The Ontario government has announced students in the southern regions of the province will continue with online learning until Jan. 25 due to “increasing community transmission” of coronavirus.
According to a statement released Thursday afternoon, students in seven northern Ontario public health unit areas will be allowed to return to school on Monday even though a shutdown for those same regions will be extended by a further two weeks to line up with restrictions in southern Ontario.
“Returning students to school now with community transmission and positivity rates so high risks losing the hard-fought progress made in keeping schools and students safe,” the statement said.
“These time-limited measures are being taken to help ensure that all Ontarians stay at home as much as possible to minimize transmission of the virus and prevent hospitals from becoming overwhelmed while at the same time being responsive to the fact that northern Ontario students are not able to learn at home as effectively due to limited access to reliable internet service.”
All students in northern Ontario and elementary students in southern Ontario were put on virtual learning for the first week back from winter holidays, the week of Jan. 4. Those students were expected to return to in-person learning on Jan. 11.
High school students in southern Ontario are on virtual learning until Jan. 25 as previously outlined by the province.
Classes for students with special education needs has remained open for in-person learning.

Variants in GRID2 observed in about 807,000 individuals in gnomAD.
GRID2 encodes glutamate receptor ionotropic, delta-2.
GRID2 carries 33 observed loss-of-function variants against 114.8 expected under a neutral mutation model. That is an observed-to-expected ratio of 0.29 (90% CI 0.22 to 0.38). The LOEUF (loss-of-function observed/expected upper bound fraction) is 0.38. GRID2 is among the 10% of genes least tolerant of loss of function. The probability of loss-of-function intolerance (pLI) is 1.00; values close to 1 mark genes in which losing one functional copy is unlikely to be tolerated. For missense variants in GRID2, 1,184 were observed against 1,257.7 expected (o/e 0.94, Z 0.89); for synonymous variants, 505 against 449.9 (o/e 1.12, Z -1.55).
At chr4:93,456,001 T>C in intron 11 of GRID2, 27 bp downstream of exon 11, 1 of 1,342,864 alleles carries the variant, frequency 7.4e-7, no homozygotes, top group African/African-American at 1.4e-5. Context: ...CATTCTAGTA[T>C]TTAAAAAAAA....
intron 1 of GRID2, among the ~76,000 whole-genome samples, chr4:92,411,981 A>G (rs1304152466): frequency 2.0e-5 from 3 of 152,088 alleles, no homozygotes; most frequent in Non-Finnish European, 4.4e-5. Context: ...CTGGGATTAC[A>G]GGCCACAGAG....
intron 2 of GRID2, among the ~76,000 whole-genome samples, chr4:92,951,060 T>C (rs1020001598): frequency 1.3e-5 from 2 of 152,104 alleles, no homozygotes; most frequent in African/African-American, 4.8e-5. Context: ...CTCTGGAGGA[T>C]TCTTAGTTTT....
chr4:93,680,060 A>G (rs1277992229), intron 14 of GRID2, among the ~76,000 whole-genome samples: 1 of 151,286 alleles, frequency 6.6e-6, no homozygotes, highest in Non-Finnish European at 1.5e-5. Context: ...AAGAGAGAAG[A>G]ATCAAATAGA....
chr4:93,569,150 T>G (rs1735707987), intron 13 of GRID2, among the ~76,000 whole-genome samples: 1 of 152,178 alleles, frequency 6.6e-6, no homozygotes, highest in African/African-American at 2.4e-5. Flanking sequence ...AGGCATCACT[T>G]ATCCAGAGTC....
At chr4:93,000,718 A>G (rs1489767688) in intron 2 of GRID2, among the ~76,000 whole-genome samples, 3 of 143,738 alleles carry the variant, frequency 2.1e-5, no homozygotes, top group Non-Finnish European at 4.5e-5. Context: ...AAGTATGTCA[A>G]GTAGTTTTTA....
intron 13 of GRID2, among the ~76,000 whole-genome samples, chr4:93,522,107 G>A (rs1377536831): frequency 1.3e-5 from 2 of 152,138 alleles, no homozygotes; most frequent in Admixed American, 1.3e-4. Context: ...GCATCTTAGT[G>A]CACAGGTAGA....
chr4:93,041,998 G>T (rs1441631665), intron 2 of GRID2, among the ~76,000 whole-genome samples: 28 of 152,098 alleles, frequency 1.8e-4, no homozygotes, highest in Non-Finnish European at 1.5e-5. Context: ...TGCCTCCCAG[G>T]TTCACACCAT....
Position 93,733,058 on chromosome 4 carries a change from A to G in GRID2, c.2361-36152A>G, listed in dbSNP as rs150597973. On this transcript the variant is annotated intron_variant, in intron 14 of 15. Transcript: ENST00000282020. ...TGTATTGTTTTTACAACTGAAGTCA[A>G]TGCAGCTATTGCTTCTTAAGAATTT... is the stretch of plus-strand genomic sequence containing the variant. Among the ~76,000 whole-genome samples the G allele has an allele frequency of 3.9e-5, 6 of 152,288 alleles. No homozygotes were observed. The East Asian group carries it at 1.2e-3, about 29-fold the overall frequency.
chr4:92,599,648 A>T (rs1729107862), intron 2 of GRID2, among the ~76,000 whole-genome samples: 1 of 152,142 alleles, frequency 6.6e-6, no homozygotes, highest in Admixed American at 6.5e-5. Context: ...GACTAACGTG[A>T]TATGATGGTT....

“I will never, ever, ever, sacrifice our kids going back to school if the health table and the doctors are telling me not to do it,” Ford said at an unrelated event Thursday morning.
“Folks, there is proof in the pudding, before the Christmas holidays we saw positivity rates of three per cent. Now, the information I received as of late yesterday afternoon, that has jumped 116 per cent,” Ford said.
“As soon as we went through Christmas, everyone got together, we saw young children when they were going to get tested it is now at 20 per cent. So one in every five children under the age of 13, they’re testing positive.”
The Elementary Teachers’ Federation of Ontario (ETFO), which represents 83,000 educators, issued a statement in response to the announcement. It said the “last-minute” decision will make it difficult for families and supports in-person learning.
“With COVID-19 numbers at an all-time high and the introduction of a new, more transmissible strain of the virus, our first priority must be to protect the health and safety of students and educators, and by extension, the communities in which we teach,” ETFO president Sam Hammond wrote.
“We will continue to press the government to provide funding to support all families, and to account for the child care needs of educators and other front-line workers.
“We also call on the government to take this extra time to immediately implement the necessary measures to ensure a safe return to in-person learning is possible.”
On Thursday, Ontario reported 3,519 new coronavirus cases and 89 more deaths, both figures marked single-day records ever recorded in the province since the pandemic began.